Elephants and The Segregation Wall

Thursday 10 April 2008

Elephants: gray and towering over humans.  The Segregation Wall: gray and towering over humans.
And they both get old fast.

At least that’s the connection I was making in my head as I rode from Bethlehem to Ramallah, only a few days into my trip to the West Bank.

During one of the days my group was in Africa, we were able to take a day-long excursion to a park and go “on safari.”  The morning was spent on a little “water viewer,” and we got to see lots of nice animals, but the elephants were the most exciting — at least when we first saw them.  We had gone past a spot and then turned around to follow two elephants that had entered the water and began to play and head to a small island in the river.  We were all enthralled, watching them for 20 or more minutes, but we had to move on and check things out further down the river — which meant more and more elephants.  In the afternoon we traveled on land, seeking on new creatures, and when we saw elephants, the sentiment was mostly, “been there, done that.”

That “been there, done that” mentality was kind of how I felt about the Segregation Wall (picture) only a few days into my travels.  I had my first morning went through the large “Gilo 300” checkpoint on my way to Bethlehem, which was my first “up close and personal” encounter with the wall.  After we went through, we drove for a bit and I was able to view the Wall’s construction in the distance, and it looked much the same as we drove past it most of the way to Ramallah.

I’m not sure the exact route we took, but as this map suggests, virtually the entire trip included a view of the Wall, which was nice for the video camera but not so nice for the driving time.  But soon it will be much worse!  Since the car drivers must stay east of the Wall — remaining on the “Palestinian side” — if the Segregation Wall is completed, the route of which is indicated at the top of this map, it will require an extra 25 km (15 m) or more to drive around the snakelike wall as it stretches halfway to Jericho!  You may have heard that this Wall is for protection, but in the way it snakes around it acts to separate the Palestinians from their land and from one another more than anything else and pulls West Bank land into “Israel proper.”  For this reason — as well as the fact that it certainly does not follow the Green Line, the border that existed before the 1967 Six-Day War — it is many times also called “The Annexation Wall.”

It was sad for me as I realized how easily  The Segregation Wall had become an accepted reality of this place for me after only a few days.  The fact that it is not my land that is being stolen and it is not my olive trees that are being cut down makes it too easy for me to accept this Wall.  But accepting its presence as present reality doesn’t change in my mind the illegality and ugliness of its presence or my commitment to the work of ending its construction and the establishment of a situation where the current structure will be dismantled.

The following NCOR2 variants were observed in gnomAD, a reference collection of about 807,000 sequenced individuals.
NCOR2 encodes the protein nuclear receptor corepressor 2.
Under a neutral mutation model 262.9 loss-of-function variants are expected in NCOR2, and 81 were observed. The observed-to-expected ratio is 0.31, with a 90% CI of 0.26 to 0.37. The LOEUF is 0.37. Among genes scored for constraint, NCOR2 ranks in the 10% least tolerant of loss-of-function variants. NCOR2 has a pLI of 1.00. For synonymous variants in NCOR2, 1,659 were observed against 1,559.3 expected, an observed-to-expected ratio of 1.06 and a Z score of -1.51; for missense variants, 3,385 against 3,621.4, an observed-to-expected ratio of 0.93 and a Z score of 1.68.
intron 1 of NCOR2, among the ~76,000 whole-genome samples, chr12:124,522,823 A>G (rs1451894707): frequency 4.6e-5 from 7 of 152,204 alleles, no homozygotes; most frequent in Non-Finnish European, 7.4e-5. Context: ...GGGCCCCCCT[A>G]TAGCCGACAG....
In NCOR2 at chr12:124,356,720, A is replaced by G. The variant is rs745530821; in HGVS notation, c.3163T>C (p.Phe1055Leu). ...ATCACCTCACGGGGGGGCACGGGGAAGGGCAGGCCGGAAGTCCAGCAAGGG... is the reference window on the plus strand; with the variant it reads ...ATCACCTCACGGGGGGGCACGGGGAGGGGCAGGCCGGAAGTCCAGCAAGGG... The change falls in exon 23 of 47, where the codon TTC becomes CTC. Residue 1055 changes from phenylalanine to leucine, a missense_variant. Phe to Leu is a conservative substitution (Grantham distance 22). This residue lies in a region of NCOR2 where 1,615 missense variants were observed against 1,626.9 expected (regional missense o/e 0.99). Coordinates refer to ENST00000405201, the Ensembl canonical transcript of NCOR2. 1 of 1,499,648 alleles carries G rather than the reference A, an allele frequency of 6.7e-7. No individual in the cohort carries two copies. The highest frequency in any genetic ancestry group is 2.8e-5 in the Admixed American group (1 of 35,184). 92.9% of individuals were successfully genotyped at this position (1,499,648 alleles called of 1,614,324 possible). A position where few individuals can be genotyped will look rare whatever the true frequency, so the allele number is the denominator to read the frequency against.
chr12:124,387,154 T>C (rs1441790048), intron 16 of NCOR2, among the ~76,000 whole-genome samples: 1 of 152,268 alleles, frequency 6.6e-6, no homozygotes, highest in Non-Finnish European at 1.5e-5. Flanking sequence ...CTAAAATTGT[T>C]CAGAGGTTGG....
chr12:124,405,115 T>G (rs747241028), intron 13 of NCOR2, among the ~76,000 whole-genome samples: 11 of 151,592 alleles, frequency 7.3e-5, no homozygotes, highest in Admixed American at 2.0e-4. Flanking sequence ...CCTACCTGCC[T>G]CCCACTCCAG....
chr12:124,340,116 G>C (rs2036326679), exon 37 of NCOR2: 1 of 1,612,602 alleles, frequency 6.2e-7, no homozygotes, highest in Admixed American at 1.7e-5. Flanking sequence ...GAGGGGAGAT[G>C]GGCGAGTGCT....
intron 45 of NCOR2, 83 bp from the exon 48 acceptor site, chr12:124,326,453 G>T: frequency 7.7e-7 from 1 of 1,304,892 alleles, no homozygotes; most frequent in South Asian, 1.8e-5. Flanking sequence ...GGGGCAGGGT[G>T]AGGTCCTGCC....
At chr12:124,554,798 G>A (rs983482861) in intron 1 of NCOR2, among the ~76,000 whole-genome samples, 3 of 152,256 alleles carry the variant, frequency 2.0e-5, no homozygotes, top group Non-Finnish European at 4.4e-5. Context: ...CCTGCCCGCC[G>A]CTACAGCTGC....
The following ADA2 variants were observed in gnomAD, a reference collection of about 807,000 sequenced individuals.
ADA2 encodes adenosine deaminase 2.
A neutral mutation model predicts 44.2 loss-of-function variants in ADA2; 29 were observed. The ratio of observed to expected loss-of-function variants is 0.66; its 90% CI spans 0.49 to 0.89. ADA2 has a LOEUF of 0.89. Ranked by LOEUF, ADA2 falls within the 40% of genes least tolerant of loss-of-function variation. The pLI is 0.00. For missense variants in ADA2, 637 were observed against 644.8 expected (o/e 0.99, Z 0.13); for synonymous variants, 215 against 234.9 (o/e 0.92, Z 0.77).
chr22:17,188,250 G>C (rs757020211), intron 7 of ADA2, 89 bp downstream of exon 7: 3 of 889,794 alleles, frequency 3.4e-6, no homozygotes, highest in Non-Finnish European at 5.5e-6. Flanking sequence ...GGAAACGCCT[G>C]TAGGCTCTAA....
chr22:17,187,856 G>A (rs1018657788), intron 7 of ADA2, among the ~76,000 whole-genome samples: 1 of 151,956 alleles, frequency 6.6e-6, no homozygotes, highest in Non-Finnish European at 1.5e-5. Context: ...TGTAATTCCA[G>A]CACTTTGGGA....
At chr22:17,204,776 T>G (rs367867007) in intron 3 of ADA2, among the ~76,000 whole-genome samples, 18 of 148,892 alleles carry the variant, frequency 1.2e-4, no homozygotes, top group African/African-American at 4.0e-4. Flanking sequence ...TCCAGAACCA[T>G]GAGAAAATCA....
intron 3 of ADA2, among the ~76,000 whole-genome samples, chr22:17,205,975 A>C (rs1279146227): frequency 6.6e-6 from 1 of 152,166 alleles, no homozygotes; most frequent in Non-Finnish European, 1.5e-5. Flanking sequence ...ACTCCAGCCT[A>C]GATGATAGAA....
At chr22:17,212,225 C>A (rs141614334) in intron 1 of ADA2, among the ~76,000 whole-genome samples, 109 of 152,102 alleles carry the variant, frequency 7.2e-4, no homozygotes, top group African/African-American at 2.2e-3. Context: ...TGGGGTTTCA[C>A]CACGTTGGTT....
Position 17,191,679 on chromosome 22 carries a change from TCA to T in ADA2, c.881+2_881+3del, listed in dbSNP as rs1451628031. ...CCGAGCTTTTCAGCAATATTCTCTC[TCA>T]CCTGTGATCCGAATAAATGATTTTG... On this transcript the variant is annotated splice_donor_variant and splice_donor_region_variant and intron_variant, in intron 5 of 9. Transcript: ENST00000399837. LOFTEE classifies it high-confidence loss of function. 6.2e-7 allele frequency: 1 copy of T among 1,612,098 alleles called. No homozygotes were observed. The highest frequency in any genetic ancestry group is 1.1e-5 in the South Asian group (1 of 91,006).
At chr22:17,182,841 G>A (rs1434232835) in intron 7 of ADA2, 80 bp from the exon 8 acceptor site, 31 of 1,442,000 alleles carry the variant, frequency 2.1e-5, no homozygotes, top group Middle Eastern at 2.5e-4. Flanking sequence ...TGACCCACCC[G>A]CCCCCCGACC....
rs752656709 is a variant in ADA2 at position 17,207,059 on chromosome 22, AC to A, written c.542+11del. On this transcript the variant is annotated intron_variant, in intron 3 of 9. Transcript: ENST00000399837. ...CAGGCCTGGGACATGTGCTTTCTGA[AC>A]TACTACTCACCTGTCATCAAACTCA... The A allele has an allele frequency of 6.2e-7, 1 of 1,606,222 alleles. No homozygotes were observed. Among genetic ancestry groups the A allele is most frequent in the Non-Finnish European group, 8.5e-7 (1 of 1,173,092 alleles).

The falling of the Berlin Wall in 1989 is one of my first vivid memories.  I pray that the falling of the Segregation Wall will not be one of my last — or worse still, a memory I don’t get to have at all.


the people in your life

Tuesday 19 February 2008

Ever since my blog about 1 million Iraqis being killed in the past 5 years, I’ve been thinking about whether or not I actually might know a million people. The perfectionist in me wants to make an excel spreadsheet list of all the people I’ve met (and remember enough to write down) in the past 25 or so years of my life, but the realist in me knows that would take quite a while and probably not be worth it in the end — and it would likely become just another list I’d want to keep track of as I meet more people, kind of like my ever changing imdb.com list of movies I’ve seen (those I want to see but haven’t just aren’t rated).  Plus, it would kind of be sad, deconstructing the humanity of relationships into simple spreadsheet.

So instead of turning my life into meaningless statistics, I instead try to think about all the lives of others that have intersected mine. There are definitely people I’ve been in the same room with that I’ve ran across but I would not say I “met” and certainly never “knew” them. And there are surely people who’ve “known” me but I never had contact with — those students for who my name came up in conversation and who were aware of my presence but for who I wasn’t their teacher would be one example. If you let the idea of “knowing” someone require the act of an introduction and/or conversation having taken place, the list becomes a little more exclusive, but even then I’m still amazed at the variety and abundance of people I’ve met and places I’ve met them.